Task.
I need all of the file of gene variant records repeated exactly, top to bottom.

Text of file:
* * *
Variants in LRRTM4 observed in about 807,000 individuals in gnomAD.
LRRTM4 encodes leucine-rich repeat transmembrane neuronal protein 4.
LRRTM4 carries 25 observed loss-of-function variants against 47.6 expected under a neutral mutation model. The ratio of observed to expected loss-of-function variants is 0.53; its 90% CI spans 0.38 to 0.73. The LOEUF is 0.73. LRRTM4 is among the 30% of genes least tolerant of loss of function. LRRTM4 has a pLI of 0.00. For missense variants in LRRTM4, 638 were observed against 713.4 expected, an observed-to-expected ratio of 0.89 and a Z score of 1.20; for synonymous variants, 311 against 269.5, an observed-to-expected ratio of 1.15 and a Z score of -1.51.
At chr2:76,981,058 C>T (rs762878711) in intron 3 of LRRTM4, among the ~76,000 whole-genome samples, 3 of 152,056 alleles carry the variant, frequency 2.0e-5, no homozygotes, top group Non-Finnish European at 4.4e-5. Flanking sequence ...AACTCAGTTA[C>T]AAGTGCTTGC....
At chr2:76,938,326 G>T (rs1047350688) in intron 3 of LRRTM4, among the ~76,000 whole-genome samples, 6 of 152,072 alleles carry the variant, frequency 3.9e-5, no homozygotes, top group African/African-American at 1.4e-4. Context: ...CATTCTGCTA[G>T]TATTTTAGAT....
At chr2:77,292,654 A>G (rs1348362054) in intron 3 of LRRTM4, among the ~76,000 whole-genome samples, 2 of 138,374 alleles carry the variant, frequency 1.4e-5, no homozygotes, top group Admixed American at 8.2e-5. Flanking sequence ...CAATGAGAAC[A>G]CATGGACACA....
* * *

Variants in LRRTM4 observed in about 807,000 individuals in gnomAD.
LRRTM4 encodes leucine-rich repeat transmembrane neuronal protein 4.
LRRTM4 carries 25 observed loss-of-function variants against 47.6 expected under a neutral mutation model. The ratio of observed to expected loss-of-function variants is 0.53; its 90% CI spans 0.38 to 0.73. The LOEUF is 0.73. LRRTM4 is among the 30% of genes least tolerant of loss of function. LRRTM4 has a pLI of 0.00. For missense variants in LRRTM4, 638 were observed against 713.4 expected, an observed-to-expected ratio of 0.89 and a Z score of 1.20; for synonymous variants, 311 against 269.5, an observed-to-expected ratio of 1.15 and a Z score of -1.51.
At chr2:76,981,058 C>T (rs762878711) in intron 3 of LRRTM4, among the ~76,000 whole-genome samples, 3 of 152,056 alleles carry the variant, frequency 2.0e-5, no homozygotes, top group Non-Finnish European at 4.4e-5. Flanking sequence ...AACTCAGTTA[C>T]AAGTGCTTGC....
At chr2:76,938,326 G>T (rs1047350688) in intron 3 of LRRTM4, among the ~76,000 whole-genome samples, 6 of 152,072 alleles carry the variant, frequency 3.9e-5, no homozygotes, top group African/African-American at 1.4e-4. Context: ...CATTCTGCTA[G>T]TATTTTAGAT....
At chr2:77,292,654 A>G (rs1348362054) in intron 3 of LRRTM4, among the ~76,000 whole-genome samples, 2 of 138,374 alleles carry the variant, frequency 1.4e-5, no homozygotes, top group Admixed American at 8.2e-5. Flanking sequence ...CAATGAGAAC[A>G]CATGGACACA....